What if two product manager colleagues disagree on something and can only agree to disagree and cannot come to a resolution, what do you do afterwards?
One recommendation is to find the common-shared goal among the three product manager. Continue to bring the discussion to a higher-level until you get some type of agreement. Oftentimes people are arguing over a detail or specific solution. When people of like-minds and professions are arguing – it simply means that they are talking ‘at’ the wrong level. It’s merely an indicator that the parties are looking in the wrong place for the answer. When you pop-up the discussion to the next higher level, things tend to work out.
One example: One product manager (Product Manager 1) states that this release needs to have a Drag-n-Drop feature in this release. The other product manager (Product Manager 2) is adamant that it cannot be included in this release because the code is from a 3rd-party company. There simply isn’t enough time to get the legal authorization to change it on our own, or get the 3rd-party folks to change it. Product Manager 1 knows that a high-profile client will leave the company and product – if we don’t but this feature in this release.
This is what I did:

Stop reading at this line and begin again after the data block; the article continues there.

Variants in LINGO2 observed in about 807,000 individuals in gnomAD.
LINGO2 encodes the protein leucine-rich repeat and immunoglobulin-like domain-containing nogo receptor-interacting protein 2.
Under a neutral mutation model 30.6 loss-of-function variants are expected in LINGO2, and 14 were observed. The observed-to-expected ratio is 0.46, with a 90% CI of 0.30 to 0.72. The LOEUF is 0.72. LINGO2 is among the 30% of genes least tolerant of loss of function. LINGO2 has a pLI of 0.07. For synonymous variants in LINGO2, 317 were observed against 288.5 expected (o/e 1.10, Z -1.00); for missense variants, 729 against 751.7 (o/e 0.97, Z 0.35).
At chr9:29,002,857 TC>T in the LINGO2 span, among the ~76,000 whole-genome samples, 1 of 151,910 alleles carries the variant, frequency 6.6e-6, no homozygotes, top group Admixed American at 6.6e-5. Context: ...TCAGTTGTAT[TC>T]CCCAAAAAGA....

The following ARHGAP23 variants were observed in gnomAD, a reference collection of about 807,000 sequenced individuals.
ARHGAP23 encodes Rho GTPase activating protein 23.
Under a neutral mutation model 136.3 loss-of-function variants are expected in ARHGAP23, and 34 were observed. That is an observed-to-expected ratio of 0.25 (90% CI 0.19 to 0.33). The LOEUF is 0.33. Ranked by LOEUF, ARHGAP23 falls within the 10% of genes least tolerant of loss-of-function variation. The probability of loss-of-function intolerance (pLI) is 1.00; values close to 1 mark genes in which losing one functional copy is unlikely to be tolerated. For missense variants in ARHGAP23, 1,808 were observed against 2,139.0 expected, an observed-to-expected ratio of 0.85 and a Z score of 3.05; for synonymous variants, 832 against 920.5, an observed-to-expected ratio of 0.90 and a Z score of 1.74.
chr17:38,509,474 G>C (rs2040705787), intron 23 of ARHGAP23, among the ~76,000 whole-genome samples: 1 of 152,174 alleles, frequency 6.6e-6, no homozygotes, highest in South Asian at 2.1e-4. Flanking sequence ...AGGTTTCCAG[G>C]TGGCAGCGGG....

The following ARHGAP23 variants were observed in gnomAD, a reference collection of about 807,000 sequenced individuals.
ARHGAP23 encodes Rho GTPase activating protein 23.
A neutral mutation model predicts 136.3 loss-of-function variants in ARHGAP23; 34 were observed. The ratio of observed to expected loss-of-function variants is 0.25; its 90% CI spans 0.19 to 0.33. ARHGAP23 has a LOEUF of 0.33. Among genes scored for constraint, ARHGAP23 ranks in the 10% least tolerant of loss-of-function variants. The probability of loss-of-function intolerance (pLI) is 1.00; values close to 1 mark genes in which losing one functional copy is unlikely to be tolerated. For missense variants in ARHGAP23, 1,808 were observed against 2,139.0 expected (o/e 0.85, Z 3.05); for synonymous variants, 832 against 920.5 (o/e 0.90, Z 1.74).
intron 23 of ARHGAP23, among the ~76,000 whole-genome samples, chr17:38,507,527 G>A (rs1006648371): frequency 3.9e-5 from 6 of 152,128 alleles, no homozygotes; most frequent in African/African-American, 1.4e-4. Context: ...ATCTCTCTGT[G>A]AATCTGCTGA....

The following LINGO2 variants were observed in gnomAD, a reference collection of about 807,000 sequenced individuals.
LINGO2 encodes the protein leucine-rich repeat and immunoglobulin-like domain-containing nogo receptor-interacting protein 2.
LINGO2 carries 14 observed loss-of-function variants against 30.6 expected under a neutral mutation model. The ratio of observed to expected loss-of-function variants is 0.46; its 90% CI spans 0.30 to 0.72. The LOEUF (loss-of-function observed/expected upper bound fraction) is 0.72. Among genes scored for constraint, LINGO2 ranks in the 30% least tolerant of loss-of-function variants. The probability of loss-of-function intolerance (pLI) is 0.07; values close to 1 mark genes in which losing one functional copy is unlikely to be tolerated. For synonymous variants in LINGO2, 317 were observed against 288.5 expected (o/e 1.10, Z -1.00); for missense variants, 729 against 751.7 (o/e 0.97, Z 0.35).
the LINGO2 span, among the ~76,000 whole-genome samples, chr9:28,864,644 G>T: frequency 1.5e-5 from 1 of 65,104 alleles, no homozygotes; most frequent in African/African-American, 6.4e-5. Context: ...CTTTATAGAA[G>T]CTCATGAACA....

1) Paraphrased our common product goal: Release the product with high-quality, on-time and with significant enhancements that clients will be very pleased with.
2) Get everyone agreeing to the high-level common goal. Get everyone on the same page with the company vision and mission.
3) Try to kick-up the discussion by understanding “why” this change is needed in the first place. I asked the team ‘why’ this change is needed. Product Manager 1 says – “The client needs create a project plan from some of his other project folders. He doesn’t want to start from scratch. He wants to drag-n-drop his selected folders to create the new project. He doesn’t want to re-invent”
4) I paraphrased, “So, let me restate to make sure I understand. You’re focusing on what the client really wants, which is what we all want. And what the client wants is a method to import files from a previous project into his new project file. He doesn’t want to start from scratch. He wants an import function.” (First understand and then be understood — from Steven Covey’s 7 Habits of Highly Effective People).